‘Midnight’s Borders: A People’s History of Modern India’ review: A ‘museum’ of forgotten stories from the borderlands

Travelling 9000 miles over seven years, Suchitra Vijayan tries to understand India through her boundaries with Bangladesh, China, Myanmar and Pakistan

Updated - March 07, 2021 08:05 am IST

Published - March 06, 2021 04:50 pm IST

“Panitar’s division is as cruel as it is arbitrary: here, the houses on either side of one dusty lane occupy two neighbouring countries. Where India ends and Bangladesh begins is a question confused by history, family and the border pillars themselves.” Panitar has a one-foot-high concrete block on the side of the mighty Ichamati river marked ‘Border Pillar No.1’. In her new book Midnight’s Borders , Suchitra Vijayan includes a photo of the pillar, which becomes a cricket stump for boys on either side of the border most days.

As she travelled 9000 miles over seven years across India’s borders, some drawn so hastily that they cut across fields, homes and courtyards, she met men, women and children, finishing with “endless notebooks, over a thousand images and more than 300 hours of recorded conversations.” Her quest took her to the farthest ends of the India-Bangladesh/ China/ Myanmar/ Pakistan borders. Through these real histories of the people, she gives readers another perspective on old wounds like Partition and new divisionary tactics like the Citizenship (Amendment) Act.

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Lines that divide

It was not going to be easy as she quickly found out. Travel to States like Arunachal Pradesh and Nagaland in the Northeast which share borders with China and Myanmar required Inner Line Permits, BSF soldiers followed her everywhere on the West Bengal/ Bangladesh border, and in Kashmir she was summoned to meet the local inspector at Uri.

Vijayan began her journey in Kolkata. Even as 70% of the border with Bangladesh has been fenced, “smugglers, drug couriers, human traffickers and cattle rustlers continue to cross to ply their trades.” All along the border, the common refrain is, “It feels like Partition is still alive.”

A story from near Jalpaiguri in north Bengal, that of a man named Ali, is heartbreaking. When Vijayan meets him, he is inside his home with all the windows closed and sealed to snuff out light. “The border runs through him,” his friend Jamshed had told Vijayan, “He is almost gone, but I don’t want his story to be gone too.”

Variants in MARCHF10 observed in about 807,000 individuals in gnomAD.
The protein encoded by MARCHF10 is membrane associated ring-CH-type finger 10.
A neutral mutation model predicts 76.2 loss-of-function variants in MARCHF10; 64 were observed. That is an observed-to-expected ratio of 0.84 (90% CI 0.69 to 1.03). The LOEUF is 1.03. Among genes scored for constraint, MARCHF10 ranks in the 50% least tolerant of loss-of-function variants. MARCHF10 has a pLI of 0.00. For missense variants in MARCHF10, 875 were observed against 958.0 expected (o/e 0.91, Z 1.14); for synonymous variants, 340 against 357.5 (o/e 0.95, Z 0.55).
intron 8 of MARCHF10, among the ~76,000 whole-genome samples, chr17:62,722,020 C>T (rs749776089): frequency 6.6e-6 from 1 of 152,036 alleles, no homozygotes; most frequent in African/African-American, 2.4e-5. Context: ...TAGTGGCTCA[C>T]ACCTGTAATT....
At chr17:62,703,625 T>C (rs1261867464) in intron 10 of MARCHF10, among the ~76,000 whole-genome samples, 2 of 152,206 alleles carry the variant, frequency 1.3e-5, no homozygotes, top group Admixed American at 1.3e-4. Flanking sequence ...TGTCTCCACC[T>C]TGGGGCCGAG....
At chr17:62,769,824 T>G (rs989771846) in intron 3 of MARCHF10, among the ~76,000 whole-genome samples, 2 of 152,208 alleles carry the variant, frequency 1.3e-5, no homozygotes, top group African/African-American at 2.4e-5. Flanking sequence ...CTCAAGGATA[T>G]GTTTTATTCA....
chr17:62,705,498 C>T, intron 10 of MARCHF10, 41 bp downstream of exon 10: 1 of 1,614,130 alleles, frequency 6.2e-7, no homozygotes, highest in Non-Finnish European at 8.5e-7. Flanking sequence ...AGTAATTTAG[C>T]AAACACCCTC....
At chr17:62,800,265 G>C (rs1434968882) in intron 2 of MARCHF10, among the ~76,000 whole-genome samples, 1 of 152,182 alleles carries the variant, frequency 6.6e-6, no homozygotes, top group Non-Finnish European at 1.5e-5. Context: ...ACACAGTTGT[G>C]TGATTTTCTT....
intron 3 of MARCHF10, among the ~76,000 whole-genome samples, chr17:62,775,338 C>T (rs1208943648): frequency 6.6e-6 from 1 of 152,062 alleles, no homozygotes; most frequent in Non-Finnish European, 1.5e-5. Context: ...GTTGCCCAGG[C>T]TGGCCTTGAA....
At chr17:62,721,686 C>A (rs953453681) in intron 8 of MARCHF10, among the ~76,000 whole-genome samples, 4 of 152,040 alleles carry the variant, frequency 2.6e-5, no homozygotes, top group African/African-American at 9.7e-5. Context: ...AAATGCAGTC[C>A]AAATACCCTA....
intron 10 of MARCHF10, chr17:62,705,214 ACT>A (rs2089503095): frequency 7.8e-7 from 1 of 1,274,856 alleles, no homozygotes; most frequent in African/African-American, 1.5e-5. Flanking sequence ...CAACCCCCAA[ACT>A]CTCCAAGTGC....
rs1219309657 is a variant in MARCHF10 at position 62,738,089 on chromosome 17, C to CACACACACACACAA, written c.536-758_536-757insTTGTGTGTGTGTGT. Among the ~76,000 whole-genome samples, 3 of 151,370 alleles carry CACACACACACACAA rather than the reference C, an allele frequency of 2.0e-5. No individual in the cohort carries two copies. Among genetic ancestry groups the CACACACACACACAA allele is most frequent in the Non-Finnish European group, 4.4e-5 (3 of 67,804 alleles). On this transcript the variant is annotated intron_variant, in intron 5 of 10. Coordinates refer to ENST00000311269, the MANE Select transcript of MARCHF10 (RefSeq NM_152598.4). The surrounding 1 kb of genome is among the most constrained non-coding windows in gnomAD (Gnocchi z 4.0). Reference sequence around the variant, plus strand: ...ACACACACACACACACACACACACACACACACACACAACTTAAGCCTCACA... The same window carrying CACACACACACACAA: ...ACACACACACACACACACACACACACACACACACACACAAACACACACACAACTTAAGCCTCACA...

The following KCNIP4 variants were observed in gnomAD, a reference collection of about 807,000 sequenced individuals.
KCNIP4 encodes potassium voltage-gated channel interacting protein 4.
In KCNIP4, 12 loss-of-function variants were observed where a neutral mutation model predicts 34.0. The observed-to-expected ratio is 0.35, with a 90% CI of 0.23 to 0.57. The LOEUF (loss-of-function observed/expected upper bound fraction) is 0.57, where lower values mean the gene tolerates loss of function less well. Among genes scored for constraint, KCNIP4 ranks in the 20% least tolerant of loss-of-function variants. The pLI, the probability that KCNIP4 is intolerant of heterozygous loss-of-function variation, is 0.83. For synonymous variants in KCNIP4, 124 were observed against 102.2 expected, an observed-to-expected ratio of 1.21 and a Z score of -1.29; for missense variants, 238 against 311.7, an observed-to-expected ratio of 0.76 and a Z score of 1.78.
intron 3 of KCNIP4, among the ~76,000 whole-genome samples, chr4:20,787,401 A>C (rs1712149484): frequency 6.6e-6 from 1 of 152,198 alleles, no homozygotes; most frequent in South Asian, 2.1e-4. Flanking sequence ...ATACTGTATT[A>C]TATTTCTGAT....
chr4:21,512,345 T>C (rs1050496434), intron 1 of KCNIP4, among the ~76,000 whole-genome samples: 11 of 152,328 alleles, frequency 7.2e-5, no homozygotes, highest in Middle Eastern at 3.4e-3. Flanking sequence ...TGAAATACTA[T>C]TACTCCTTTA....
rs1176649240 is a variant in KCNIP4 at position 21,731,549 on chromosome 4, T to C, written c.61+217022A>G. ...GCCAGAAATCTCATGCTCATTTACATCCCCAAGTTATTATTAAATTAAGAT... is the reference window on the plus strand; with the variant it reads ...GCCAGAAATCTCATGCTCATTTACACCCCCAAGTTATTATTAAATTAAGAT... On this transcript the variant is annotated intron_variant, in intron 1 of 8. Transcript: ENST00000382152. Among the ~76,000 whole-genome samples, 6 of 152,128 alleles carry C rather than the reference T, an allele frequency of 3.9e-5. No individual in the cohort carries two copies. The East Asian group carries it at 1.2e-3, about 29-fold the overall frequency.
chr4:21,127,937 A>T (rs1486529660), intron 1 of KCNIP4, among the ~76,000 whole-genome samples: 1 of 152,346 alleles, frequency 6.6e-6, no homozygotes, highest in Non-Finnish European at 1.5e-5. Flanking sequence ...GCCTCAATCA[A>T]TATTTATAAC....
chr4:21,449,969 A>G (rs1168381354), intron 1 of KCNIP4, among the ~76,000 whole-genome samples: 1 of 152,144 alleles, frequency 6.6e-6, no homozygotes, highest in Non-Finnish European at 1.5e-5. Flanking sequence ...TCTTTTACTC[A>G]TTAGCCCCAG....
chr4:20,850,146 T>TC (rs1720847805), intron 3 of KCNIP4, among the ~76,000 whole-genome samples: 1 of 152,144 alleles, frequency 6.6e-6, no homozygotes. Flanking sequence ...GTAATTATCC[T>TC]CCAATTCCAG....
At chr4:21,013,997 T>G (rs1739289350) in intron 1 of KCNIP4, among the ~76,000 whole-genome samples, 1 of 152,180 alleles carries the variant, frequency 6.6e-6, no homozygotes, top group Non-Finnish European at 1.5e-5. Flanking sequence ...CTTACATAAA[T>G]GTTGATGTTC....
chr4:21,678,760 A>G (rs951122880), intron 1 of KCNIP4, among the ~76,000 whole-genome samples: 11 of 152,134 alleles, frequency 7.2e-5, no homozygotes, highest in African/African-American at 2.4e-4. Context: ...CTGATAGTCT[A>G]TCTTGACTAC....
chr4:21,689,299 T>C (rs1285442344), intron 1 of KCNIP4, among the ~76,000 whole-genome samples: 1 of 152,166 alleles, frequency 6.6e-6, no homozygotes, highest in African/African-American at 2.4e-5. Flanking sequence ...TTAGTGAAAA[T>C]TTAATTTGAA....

Ali lived right on the edge of the India-Bangladesh border. When fencing began, he became trapped in a no-man’s land, his marriage to a girl from Bangladesh ended with each being stranded on either side and he never got out of the cycle of debt and struggle, finally losing the ability to dream. “They took my land, they stole my life, they stole my future, they took my nightmares and they stole my dreams too.” Ali went missing in 2018.

In Assam, Vijayan met people devastated by the National Register of Citizens process, with names of long-time residents missing from the final list, and in Kashmir she spent time with a family mourning the loss of their son in an ‘encounter’. At Fazilka near the Pakistan border, she ran into Sari Begum, who had a bunker on her land but had a darker story of pain and violence from the days of Partition.

No outsiders

The complexities of the Naga peace process were apparent on a visit to remote villages of Tuensang district where many of the women remained silent with others admitting they had never encountered an outsider, except Indian soldiers. In Nellie (Assam) too, where over 3,000 Muslims were killed in 1983, people stared at Vijayan in confusion, ‘no one comes here anymore’, she was told. Bhawan Singh, who photographed the Nellie massacre, said he had never seen anything like it. Fearful of the future he asked quietly, “Where did all this hate come from, where is it going to take us?” echoing what many residents had told her.

By looking beyond maps to create a “museum of forgotten stories,” Vijayan has given voice to those who live on the fringes like Ali or Sari. The black and white pictures accompanying the chapters add a thousand words more.

Midnight’s Borders: A People’s History of Modern India ; Suchitra Vijayan, Context/ Westland Books, ₹699.


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